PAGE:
about 300 degrees.

         -Grab that meat and start rubbing, using your extremely clean hands to rub the
          dry mixture into the meat, lightly covering all sides and little nooks.

         -Using Pyrex ramequins, or some other oven-safe containers that are small
           enough to fit inside your cooker, drop 4-5 drops of Liquid Smoke natural
           mesquite into each of the 2 ramequins and add enough water to nearly
           come to the top of the containers. This will add incredible flavor as the
           liquid steams.

         -Close your lid and walk away for 5-8 hours- you don't have to do a thing.
          If you're dying from anticipation as your house fills with amazing aromas,
          you can take a peek and even taste a little piece of the edge to see how it's
          coming along.

         -In a 1 qt saucepan, add 1/2 C of ketchup to just under 1/2 C of yellow mustard
          (I like to use Woeber's Sweet 'n Spicy), 1/4 C brown sugar, 2 T naturally
          fermented soy sauce (if you can't do fermented food items, you can omit
          the soy and just use water), and 1/2 tsp of black strap molasses. Stir gently
          over low heat until sugar and mustard are fully blended, with no lumps.
          Remove from heat.

         (I chose not to make a lot of BBQ sauce because the meat is already quite
          sweet and packs a lot of flavor, it will also be exceptionally tender. This
          is simply my preference, so if you're really into loading your meat with sauce,
          by all means, don't let me stop you. Just give it a try first before deciding.)

         -Since my slow-cooker pan has a ceramic coating, I like to take the meat
          out and place in a large, Pyrex casserole dish (depending on how much meat
          you are preparing, you can use something as small as a loaf pan for one,
          small shoulder).

         -Using two forks, begin pulling them in opposite directions to shred the pork,
          taking care to remove any large, unsavory pieces of fat or tissue. Remove bone
          and discard. Your pork will come apart easily and with little effort.

         -Drizzle 1/3 to 1/2 the BBQ sauce over the pork, stirring and fluffing the pork with
          a fork. Some people suggest putting the pork in the oven at this point to
          create a crispy finish, but there is no need to potentially dry out your meat.
          Serve hot.

         - Use remaining BBQ sauce for individual plates.

    VoilĂ ! The best pulled pork you've ever had in your life. If you try this recipe, let me know how it worked for you and whether you stuck to this recipe or deviated and added your own, culinary genius.

    As an endnote, what prompted me to post my recipe was a friend who posted this recipe on her Facebook page that called for using dry soup mix and cola. It was out of the sheer need to save all of you, like an evangelical who is willing to egotistically force you toward saving your souls, I did it all for you.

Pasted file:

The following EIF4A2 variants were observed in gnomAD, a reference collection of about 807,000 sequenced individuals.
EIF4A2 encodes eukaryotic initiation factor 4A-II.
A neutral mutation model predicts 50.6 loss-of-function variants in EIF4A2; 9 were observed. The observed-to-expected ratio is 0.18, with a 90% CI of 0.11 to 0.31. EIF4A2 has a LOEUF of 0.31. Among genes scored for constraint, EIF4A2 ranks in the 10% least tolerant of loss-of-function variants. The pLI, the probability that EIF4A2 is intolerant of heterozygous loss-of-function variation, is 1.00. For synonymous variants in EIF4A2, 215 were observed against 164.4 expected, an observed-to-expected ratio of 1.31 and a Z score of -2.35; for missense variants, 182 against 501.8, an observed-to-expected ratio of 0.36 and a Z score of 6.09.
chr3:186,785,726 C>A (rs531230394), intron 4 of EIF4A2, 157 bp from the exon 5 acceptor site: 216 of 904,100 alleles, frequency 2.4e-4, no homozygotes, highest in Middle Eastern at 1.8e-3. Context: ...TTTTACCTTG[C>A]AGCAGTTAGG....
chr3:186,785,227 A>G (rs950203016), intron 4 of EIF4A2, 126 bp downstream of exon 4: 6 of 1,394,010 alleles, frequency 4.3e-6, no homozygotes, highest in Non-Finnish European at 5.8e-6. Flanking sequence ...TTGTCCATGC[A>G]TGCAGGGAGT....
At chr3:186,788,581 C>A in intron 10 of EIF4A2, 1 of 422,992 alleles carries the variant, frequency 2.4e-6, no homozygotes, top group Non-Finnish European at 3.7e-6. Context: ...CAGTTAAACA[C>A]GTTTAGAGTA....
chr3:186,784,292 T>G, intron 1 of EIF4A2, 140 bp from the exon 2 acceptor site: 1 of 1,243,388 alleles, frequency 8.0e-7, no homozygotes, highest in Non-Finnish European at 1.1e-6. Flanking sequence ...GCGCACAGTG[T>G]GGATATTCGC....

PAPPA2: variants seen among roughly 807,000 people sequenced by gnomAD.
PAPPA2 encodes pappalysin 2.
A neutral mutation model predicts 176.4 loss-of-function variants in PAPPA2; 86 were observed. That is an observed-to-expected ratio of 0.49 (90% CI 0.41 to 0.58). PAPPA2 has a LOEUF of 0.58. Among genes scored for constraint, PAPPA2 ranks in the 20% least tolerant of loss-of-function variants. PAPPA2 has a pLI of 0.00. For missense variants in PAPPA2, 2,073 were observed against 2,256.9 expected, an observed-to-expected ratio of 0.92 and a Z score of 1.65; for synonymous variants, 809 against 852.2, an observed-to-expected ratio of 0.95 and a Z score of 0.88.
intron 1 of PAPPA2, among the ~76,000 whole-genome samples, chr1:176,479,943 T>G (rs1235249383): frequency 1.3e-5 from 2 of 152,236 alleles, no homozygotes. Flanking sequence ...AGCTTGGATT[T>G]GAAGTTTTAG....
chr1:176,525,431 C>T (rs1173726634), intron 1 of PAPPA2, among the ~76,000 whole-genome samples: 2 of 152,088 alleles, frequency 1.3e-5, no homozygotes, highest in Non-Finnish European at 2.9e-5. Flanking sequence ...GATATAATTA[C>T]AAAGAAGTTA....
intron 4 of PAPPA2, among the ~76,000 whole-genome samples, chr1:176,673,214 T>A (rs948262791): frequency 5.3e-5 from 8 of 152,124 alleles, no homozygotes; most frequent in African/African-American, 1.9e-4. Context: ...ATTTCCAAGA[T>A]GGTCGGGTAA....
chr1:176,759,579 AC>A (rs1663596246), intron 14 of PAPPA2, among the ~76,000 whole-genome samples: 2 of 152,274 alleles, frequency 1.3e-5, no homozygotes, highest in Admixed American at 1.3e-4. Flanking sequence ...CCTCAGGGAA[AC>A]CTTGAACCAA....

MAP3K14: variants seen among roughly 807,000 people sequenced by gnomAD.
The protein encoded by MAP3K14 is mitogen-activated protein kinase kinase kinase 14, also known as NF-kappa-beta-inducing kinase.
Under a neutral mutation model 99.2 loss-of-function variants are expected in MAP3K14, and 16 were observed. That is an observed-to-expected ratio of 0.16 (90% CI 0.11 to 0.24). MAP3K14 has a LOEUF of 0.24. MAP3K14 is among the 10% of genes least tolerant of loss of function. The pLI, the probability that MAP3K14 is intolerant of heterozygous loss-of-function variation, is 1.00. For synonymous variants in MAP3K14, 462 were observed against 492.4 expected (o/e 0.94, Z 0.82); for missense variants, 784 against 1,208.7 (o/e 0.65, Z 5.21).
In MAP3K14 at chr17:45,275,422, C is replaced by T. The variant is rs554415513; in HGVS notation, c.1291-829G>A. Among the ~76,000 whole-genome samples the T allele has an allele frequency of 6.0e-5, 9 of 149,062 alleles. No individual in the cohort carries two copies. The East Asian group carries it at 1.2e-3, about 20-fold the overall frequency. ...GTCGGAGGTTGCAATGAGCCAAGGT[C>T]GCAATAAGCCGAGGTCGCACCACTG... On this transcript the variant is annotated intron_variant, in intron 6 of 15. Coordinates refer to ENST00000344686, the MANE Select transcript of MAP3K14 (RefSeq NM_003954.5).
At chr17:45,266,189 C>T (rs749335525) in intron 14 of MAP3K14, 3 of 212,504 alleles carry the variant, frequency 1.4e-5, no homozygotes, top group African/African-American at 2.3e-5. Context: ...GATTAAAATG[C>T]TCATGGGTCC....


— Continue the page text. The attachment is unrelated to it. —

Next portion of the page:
Wednesday, August 28, 2013

    The Only One for Me Is You

    The more I read about Syria and think of the past couple decades of middle eastern world affairs, the more it becomes clear that the objective is disruption of the entire Islamic world- religion? Oil? I don't know the "whys", though many people have their own ideas.

    I do know that we all suffer in the consistent demoralization of humanity, sitting by, as those who blanket us in security are the monsters in the night who terrorize the hopes for peace. When I say "we", I mean all people of this planet.  Remiss of nationalism or any other "-isms", my choice is not to take sides, nor do I place blame with entities that I or mass culture deem responsible.  I understand that at the core of everything, each person is taught that Survival of the Fittest reigns over the land. I know that we are taught, from the moment the umbilical cord is cut and the oxygen from mother to child is ended, that we must breathe on our own, or perish.

    It literally gives me pain to think of others' suffering- it doesn't matter how or in what fashion the pain occurs, just that it exists.  It's a real pain that I feel in my heart when I think of everything from the macro, planetary aspect, to the micro, of a dying child. It's a lot to shoulder that I, individually, am responsible for everything that exists whether positive or negative. What a heavy burden.

    Fortunately, the burden is shared. Collectively, we are the same one at heart.  So, sing, dance, chant, pray, meditate, fund-raise, build, create, be that one consciousness that decides Peace. There is enough for all of us if we just change the way we think.

    The long-standing beliefs of aloneness and separateness are at the core of humanity's progress and its demise. One mustn't toss out progress in place of collective oneness.  A recent study published in Nature Communications, coupled with common sense, determines that teamwork and cooperation are what propel society into survival.

    This very moment of the Now is a chance to transform the energy of perpetual fear and suffering into one of perpetual motion of compassion and peace.

    You are enough.

    This is enough.


    Thursday, August 8, 2013


    This morning, I was having a shitty feeling for a few moments, which upset me, because I was emotionally responding to an Internet thread... talk about a double-edged sword. I mean, no one likes allowing one's self to become upset at all in some negative ego response, let alone when it is due to Internet strangers. So, I stood up to look outside my large, floor-to-near-ceiling, front window.